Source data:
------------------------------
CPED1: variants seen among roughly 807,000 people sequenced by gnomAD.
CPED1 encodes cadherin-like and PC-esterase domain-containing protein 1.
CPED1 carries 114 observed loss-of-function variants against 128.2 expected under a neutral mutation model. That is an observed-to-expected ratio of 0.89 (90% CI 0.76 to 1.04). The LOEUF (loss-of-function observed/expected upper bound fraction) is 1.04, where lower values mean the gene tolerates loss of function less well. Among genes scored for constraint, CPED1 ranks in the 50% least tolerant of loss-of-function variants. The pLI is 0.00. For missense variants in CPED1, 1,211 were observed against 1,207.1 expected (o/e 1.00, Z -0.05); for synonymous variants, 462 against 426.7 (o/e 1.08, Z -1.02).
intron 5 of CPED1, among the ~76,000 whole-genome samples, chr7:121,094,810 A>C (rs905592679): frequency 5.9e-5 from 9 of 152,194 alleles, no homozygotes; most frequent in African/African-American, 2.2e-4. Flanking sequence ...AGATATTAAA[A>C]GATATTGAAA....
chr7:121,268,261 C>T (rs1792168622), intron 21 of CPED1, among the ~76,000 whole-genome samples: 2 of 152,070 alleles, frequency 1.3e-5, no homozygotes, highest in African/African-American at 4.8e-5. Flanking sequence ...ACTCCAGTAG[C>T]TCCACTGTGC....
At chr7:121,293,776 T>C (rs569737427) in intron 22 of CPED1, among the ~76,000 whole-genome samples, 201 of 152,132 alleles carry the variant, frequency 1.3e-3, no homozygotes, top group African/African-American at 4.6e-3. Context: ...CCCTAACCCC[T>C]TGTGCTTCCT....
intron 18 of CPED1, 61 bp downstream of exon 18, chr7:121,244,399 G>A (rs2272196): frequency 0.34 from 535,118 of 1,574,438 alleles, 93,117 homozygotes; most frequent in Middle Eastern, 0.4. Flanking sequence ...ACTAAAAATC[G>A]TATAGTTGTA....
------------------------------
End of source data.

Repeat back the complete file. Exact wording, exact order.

CPED1: variants seen among roughly 807,000 people sequenced by gnomAD.
CPED1 encodes cadherin-like and PC-esterase domain-containing protein 1.
CPED1 carries 114 observed loss-of-function variants against 128.2 expected under a neutral mutation model. That is an observed-to-expected ratio of 0.89 (90% CI 0.76 to 1.04). The LOEUF (loss-of-function observed/expected upper bound fraction) is 1.04, where lower values mean the gene tolerates loss of function less well. Among genes scored for constraint, CPED1 ranks in the 50% least tolerant of loss-of-function variants. The pLI is 0.00. For missense variants in CPED1, 1,211 were observed against 1,207.1 expected (o/e 1.00, Z -0.05); for synonymous variants, 462 against 426.7 (o/e 1.08, Z -1.02).
intron 5 of CPED1, among the ~76,000 whole-genome samples, chr7:121,094,810 A>C (rs905592679): frequency 5.9e-5 from 9 of 152,194 alleles, no homozygotes; most frequent in African/African-American, 2.2e-4. Flanking sequence ...AGATATTAAA[A>C]GATATTGAAA....
chr7:121,268,261 C>T (rs1792168622), intron 21 of CPED1, among the ~76,000 whole-genome samples: 2 of 152,070 alleles, frequency 1.3e-5, no homozygotes, highest in African/African-American at 4.8e-5. Flanking sequence ...ACTCCAGTAG[C>T]TCCACTGTGC....
At chr7:121,293,776 T>C (rs569737427) in intron 22 of CPED1, among the ~76,000 whole-genome samples, 201 of 152,132 alleles carry the variant, frequency 1.3e-3, no homozygotes, top group African/African-American at 4.6e-3. Context: ...CCCTAACCCC[T>C]TGTGCTTCCT....
intron 18 of CPED1, 61 bp downstream of exon 18, chr7:121,244,399 G>A (rs2272196): frequency 0.34 from 535,118 of 1,574,438 alleles, 93,117 homozygotes; most frequent in Middle Eastern, 0.4. Flanking sequence ...ACTAAAAATC[G>A]TATAGTTGTA....